Fake beauty news? ‘Wrinkles completely removed in 20 minutes’
From the archive: Was this article in 1913 an early example of ‘native advertising’?
A news story about the beauty benefits of so-called radiamic clay made quite a stir in 1913. Illustration: iStock
On August 23rd, 1913, an interview appeared in The Irish Times about a development in the beauty and cosmetics industry. The headline was certainly eye-catching: “Wrinkles two inches long and one-eighth inch deep completely removed in 20 minutes”.
The wonder product? Radiamic clay. “It is not a miracle, although some people seem to think so,” the interviewee, Prof Nitzam, said. “The radiamic clay which we used is purely a product of nature and acts on the skin in a natural manner. Its application literally wipes away all signs of worry, trouble or ill health that have left their marks in the skin, giving back the clear elastic freshness of youth to the face. This effect is due to the peculiar natural properties of the clay, which strengthen the tissues and raise the flesh under the wrinkles, thus causing them to entirely disappear. The lighter lines are easily banished, but there is sometimes a tendency for the deepest wrinkles to reform. In such cases, one or two additional applications should be sufficient. The clay is perfectly harmless and its use requires no special skill.”
Apparently, Irish Times readers went wild. The following weekend, the newspaper returned to the story. “London lady’s startling experience in removing wrinkles by radiamic principle” the follow-up article was headlined. “Such widespread interest was aroused by our recent interview with Prof Nitzam regarding the remarkable results obtained in restoring a youthful appearance to wrinkled faces, that we cannot possibly attempt to reply personally to all the demands of readers as to where the radiamic clay can be found.”
The writer informed readers that most chemists had radiamic clay in stock. One of those letters was from “a London lady who expresses the greatest astonishment and delight at having seen her wrinkles of many years’ standing disappear as if by magic under its peculiar influence. She states that the clay should be allowed to remain on the face from 15 to 20 minutes, when it is washed off the wrinkles have gone, and the face glows under the freshness of youth”.
The following month, news landed in the newspaper about beauty demonstrations that appeared to confirm Nitzam’s assertions. The headline announced that 2,000 wrinkled faces were made beautiful by radiamic clay. “Practical demonstrations in London now confirm our recent interview with the Russian Prof Nitzam, regarding the wonderful properties possessed by radiamic clay for taking out wrinkles. In conclusive tests, heavy, deep-set lines completely disappeared and a remarkable rejuvenation of the face took place under its peculiar influence… Chemists state that they have supplied considerable radiamic clay since its value for wrinkles became known, and their customers are delighted with its effect.” It’s important to note that at this point, radiamic clay was appearing in the news section of the newspaper, as opposed to the more fashion and lifestyle-orientated pages.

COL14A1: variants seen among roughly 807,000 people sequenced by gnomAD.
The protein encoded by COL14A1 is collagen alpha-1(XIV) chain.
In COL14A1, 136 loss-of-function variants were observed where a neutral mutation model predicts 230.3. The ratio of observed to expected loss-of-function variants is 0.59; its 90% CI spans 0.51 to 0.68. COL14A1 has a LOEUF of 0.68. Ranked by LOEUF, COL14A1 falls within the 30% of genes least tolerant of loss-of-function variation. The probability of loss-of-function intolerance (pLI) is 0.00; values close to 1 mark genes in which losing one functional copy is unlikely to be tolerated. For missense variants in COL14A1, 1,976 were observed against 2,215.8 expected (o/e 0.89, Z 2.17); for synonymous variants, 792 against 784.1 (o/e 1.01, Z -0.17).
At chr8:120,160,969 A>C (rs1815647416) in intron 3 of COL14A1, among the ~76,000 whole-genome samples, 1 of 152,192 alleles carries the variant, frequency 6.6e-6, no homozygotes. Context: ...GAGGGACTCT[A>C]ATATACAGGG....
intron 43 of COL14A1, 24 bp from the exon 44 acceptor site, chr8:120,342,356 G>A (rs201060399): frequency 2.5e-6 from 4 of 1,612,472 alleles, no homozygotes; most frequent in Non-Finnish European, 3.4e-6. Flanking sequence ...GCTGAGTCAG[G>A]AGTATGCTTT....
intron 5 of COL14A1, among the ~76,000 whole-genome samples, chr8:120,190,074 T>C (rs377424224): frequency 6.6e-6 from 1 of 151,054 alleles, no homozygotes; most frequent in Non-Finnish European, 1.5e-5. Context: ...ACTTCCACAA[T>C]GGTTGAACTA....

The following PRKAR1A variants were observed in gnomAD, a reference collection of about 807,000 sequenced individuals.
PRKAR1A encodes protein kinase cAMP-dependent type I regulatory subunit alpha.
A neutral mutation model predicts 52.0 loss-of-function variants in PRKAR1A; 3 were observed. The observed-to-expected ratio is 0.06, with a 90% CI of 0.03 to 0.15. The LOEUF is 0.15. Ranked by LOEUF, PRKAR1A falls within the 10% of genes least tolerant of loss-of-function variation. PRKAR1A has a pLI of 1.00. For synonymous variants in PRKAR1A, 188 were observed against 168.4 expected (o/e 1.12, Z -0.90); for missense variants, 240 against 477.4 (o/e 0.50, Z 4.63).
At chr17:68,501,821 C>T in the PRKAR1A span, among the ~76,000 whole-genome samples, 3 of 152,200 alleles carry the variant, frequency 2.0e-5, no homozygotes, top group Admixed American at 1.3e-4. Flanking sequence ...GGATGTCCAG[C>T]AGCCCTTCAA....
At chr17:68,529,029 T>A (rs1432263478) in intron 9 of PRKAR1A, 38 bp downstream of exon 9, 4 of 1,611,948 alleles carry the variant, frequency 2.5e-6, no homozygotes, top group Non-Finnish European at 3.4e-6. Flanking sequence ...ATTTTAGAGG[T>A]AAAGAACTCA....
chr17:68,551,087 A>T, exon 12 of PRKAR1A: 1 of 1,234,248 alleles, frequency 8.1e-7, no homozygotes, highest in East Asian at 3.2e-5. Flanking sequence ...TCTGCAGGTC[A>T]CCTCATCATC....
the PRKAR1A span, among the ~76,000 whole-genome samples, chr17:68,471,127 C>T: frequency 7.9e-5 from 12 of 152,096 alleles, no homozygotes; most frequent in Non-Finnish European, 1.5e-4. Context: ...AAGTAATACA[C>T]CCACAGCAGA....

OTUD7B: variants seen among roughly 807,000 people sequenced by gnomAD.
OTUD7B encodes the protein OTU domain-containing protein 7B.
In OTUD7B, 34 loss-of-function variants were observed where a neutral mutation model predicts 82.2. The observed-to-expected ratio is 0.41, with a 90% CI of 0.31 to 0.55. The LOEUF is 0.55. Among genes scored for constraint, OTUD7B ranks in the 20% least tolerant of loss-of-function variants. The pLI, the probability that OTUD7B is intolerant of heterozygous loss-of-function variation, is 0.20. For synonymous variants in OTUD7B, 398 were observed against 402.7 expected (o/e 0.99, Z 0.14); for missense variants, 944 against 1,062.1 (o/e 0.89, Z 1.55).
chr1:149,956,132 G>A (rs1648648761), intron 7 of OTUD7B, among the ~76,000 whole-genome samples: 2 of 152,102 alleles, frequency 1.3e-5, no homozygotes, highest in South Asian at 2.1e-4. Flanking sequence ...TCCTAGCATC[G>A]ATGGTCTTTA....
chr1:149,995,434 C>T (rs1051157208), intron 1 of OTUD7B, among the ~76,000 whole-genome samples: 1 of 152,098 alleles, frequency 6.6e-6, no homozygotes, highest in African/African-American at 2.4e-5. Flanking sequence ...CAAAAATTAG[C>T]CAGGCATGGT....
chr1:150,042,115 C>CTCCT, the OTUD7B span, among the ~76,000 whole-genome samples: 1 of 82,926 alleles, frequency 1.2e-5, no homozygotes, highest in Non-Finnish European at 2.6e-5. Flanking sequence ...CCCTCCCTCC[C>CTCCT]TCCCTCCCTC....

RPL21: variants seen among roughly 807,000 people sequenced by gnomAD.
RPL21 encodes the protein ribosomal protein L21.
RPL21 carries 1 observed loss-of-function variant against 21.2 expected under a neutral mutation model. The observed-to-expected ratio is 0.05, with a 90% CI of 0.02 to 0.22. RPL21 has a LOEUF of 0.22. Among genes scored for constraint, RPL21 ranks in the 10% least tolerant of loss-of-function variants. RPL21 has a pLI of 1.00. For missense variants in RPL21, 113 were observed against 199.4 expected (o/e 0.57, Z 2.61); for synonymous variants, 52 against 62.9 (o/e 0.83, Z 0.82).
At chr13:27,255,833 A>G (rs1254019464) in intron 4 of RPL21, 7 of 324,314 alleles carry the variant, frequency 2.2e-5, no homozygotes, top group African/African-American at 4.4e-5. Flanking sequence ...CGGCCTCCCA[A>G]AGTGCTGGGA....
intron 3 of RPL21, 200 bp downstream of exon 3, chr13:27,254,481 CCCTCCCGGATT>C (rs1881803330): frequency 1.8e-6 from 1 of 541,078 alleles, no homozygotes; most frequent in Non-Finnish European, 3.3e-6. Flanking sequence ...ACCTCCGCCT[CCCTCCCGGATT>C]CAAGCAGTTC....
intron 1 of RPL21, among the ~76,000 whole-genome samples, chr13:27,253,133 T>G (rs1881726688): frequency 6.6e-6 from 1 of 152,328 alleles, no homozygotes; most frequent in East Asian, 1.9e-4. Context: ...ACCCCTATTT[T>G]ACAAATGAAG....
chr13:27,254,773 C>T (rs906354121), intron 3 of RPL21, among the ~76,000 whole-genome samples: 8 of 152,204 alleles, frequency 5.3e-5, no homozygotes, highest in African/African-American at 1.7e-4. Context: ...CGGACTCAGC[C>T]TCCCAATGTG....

That same month, an Irish Times reader, “Madame Arlington, of London, who recently read in these columns of the astonishing success of the radiamic clay in restoring a youthful appearance”, wrote to the newspaper detailing how her wrinkles had vanished in one application. “Now people think my face looks as young as that of my daughter, and often take us for sisters.” Hmm. Was this all a triumph of carefully placed stories, unmarked advertorials, or mysterious marketing?
There is very little information about what exactly radiamic clay was. Most contemporary references to “radiamic” refer to literal rocket fuel, so to unravel the mystery, we contacted Rachel Weingarten, a beauty historian specialising in early 20th century cosmetics and author of Hello Gorgeous! Beauty Products in America in the 1940s-60s. Weingarten is suspicious of the claims made regarding the product, which is one she hasn’t previously encountered.
“Before any type of organised cosmetics brands existed, many hucksters would create batches of products and peddle them. Some were innovators and came up with clever names, or at least catchy ones. Clay is a known skincare ingredient (though usually used for it’s more astringent properties, say for a blackhead mask), so the notion wasn’t new. Clay baths go back to ancient times. It’s entirely possible that this ingredient was simple river clay or even bentonite clay – a very common ingredient in skincare and masks – that was given a jazzed up name for marketing purposes.”
And what about how radiamic worryingly evokes radium? “I think it’s supposed to sound that way,” Weingarten says. “It could literally be about the timing. Bear in mind that those were the years that Marie and Pierre Curie were making headlines for discovering the radioactive elements polonium and radium. That was 1911, so it was a buzzword.”
So before you bemoan the dominance of beauty “influencers” in contemporary media, it’s worth remembering that they are standing on the shoulders of wrinkle-free, curious giants, and that looking back at 1913, it is genuinely difficult to identify what may be early “native advertising” or fake beauty news.